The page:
REVIEW - Cracking 'Consent' at The Crescent is explorative theatre personified - The Bromsgrove Standard

REVIEW - Cracking 'Consent' at The Crescent is explorative theatre personified

Bromsgrove Editorial 12th Jun, 2024 Updated: 12th Jun, 2024   0

I have been reviewing theatre for several years now, it’s mostly a pleasure to do a job where your hot desk is an auditorium seat and your office for the day is a Play House. Very, very occasionally like a detectorist finds his pot of gold, you see a show that simply exceeds all your expectations. That happened last night at the Crescent with their production of ‘Consent’.

It is of course a great play by one of our most talented and incisive modern playwrights Nina Raine, but that’s just one part of the triangle – the other two being a director and a cast daring to bring it to life the  often dangerous dialogue without compromise.

Andrew Cowie directed Davis Hare’s Pravda, a long time ago now but it remains my favourite of all Crescent shows, so I shouldn’t have been surprised that he has taken no prisoners –  Raine’s golden words sparkle like diamonds in a crown of his creation.

The assembled cast is as good as any I have seen on a professional stag and I don’t mean that patronisingly I mean they really are individually awesome and spectacular when combined.

The setting is simple – a white raised dais which houses  six white chairs, stage right and left of the dais are three black chairs.  The acting space is on stage white for action and off stage dark for contemplation. When the actors enter the white space it’s gladiatorial. When they are watching from the black chairs its almost like they are ready to give thumbs up or down Caesar style to the action.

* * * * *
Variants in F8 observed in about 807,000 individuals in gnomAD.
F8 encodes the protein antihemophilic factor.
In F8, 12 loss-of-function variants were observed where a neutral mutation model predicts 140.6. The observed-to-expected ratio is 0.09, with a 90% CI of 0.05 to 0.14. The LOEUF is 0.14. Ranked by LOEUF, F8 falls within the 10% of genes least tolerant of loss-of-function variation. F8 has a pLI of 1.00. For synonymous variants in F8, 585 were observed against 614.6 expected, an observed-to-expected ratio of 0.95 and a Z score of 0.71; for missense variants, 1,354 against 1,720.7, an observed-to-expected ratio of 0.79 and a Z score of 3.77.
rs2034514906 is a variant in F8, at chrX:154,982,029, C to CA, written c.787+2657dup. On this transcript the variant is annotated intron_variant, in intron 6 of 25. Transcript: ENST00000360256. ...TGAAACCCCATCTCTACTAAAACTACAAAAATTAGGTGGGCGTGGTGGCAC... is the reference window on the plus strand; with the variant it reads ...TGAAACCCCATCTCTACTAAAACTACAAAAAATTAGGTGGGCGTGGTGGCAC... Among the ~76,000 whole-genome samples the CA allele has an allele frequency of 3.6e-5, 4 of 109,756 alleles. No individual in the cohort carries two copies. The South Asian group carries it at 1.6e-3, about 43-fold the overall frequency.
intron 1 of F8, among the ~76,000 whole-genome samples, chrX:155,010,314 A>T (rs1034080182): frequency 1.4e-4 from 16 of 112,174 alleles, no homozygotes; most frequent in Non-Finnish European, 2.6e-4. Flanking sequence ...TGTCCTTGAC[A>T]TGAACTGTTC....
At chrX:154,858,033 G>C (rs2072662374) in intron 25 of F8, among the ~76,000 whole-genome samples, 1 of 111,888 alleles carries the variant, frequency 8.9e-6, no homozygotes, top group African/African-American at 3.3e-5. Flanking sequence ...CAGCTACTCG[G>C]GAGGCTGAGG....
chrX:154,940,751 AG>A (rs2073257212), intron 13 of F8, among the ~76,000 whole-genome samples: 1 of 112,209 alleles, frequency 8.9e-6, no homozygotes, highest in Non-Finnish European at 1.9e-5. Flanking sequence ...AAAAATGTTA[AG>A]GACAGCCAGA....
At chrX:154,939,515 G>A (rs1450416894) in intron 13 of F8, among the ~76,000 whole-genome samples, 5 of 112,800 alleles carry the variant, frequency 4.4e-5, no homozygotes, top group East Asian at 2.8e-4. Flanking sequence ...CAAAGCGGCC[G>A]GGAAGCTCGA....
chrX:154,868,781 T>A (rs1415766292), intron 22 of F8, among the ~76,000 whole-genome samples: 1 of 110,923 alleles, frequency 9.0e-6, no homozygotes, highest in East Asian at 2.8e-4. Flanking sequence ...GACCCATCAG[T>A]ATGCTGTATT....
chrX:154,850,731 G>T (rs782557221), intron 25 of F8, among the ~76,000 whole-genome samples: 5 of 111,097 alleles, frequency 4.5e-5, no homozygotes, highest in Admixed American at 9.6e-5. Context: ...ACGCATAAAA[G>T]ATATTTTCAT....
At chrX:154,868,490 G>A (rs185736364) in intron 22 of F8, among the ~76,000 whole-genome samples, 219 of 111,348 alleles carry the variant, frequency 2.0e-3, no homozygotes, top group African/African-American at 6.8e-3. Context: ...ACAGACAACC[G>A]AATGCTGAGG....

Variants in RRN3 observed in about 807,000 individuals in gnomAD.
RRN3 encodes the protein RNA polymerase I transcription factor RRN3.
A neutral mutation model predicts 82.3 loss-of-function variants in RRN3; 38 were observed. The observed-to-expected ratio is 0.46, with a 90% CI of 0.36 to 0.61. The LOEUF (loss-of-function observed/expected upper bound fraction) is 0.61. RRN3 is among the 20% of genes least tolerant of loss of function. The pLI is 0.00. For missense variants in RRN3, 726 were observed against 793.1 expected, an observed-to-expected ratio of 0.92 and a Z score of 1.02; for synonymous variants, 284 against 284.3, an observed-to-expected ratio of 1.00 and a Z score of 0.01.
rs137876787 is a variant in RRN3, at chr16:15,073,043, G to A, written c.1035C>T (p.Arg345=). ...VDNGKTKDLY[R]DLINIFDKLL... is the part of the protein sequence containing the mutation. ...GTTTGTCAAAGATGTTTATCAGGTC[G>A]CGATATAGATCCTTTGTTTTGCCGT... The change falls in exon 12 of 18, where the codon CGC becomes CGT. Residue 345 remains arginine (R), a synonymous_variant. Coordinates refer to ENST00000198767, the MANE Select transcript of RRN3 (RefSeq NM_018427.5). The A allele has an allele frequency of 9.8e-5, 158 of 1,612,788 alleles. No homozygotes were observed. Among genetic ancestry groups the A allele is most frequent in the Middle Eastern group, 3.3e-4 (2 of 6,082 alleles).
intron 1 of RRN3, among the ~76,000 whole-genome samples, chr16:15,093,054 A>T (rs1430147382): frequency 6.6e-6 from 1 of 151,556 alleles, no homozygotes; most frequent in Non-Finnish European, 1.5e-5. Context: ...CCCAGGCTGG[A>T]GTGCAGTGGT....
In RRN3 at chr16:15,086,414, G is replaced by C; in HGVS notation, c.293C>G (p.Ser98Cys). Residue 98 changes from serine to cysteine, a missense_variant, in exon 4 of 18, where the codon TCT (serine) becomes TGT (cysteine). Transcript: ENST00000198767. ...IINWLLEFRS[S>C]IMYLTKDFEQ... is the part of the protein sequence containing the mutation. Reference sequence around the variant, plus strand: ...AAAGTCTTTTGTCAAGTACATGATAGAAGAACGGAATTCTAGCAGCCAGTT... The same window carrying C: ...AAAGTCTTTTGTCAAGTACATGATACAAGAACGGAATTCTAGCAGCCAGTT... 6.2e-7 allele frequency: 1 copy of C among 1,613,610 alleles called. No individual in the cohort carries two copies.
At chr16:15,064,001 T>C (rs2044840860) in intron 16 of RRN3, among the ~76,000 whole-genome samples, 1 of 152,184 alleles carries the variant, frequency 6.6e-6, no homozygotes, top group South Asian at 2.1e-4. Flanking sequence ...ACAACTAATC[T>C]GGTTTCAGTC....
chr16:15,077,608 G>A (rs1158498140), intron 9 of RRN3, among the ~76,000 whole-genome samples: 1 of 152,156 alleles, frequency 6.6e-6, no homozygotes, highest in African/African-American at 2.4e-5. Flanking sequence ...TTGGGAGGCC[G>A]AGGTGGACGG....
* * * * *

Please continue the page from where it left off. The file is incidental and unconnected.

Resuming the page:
This approach by Cowie to the staging cleverly keeps the fourth wall between the audience and company in place. We are always observers and never forced to be participants and this keeps the action and ultra colourful dialogue an enjoyable spectacle.

The ‘Consent’ in the title is whether someone consents to having sex or not and if not then it becomes of course intentionally or non-intentionally the heinous crime of rape. Rape though is merely Riane’s tool to observe the breakdown of legal class friendships and relationships – exploring how the law muddies the waters rather than clean the pond.

Tim (spot on the money stuff from Mark Payne) and Edward (equally strong stuff from Scott Westwood) are barristers and chums – one defending and one prosecuting. In act one this concerns them sparring in the courtroom over the alleged rape of a woman called Gayle and in act two the sparring becomes personal over Edwards wife Kitty (a believable as well as watchable Grace Cheatle) leaving him for Tim.

The other legal protagonists are cocky barrister Jake (an often hilarious and  seedy outing from James David Knapp) and his  wife Rachel (sharp as a razor performance by Perdita Lawton) who are going  through their own personal traumas via extramarital activities.

A particularly clever scene is when Ed and Tim use actress Zara (an adroit Steph Urquhart) to interrogate each other over Kitty on the pretext of helping her prep for an audition.

Kate Merriman doubles up perfectly as the rape victim Gayle and as a marriage mediator Laura.

Every scene is like a boxing round where the bell goes ding and the actors come out fighting and when a punch lands and the ref calls a last man standing count. Rarely have I seen a better use of meaningful pauses. We have thinking time to both absorb and relish.

‘Consent’ was an evening spent joyously wallowing in the sticky stuff of privileged souls. Like Cowie’s Pravda it will be with me for a long time.

Consent runs at The Crescent Theatre’s Ron Barber Studio in Birmingham until Saturday, June 15.



Review by Euan Rose

Euan Rose Reviews

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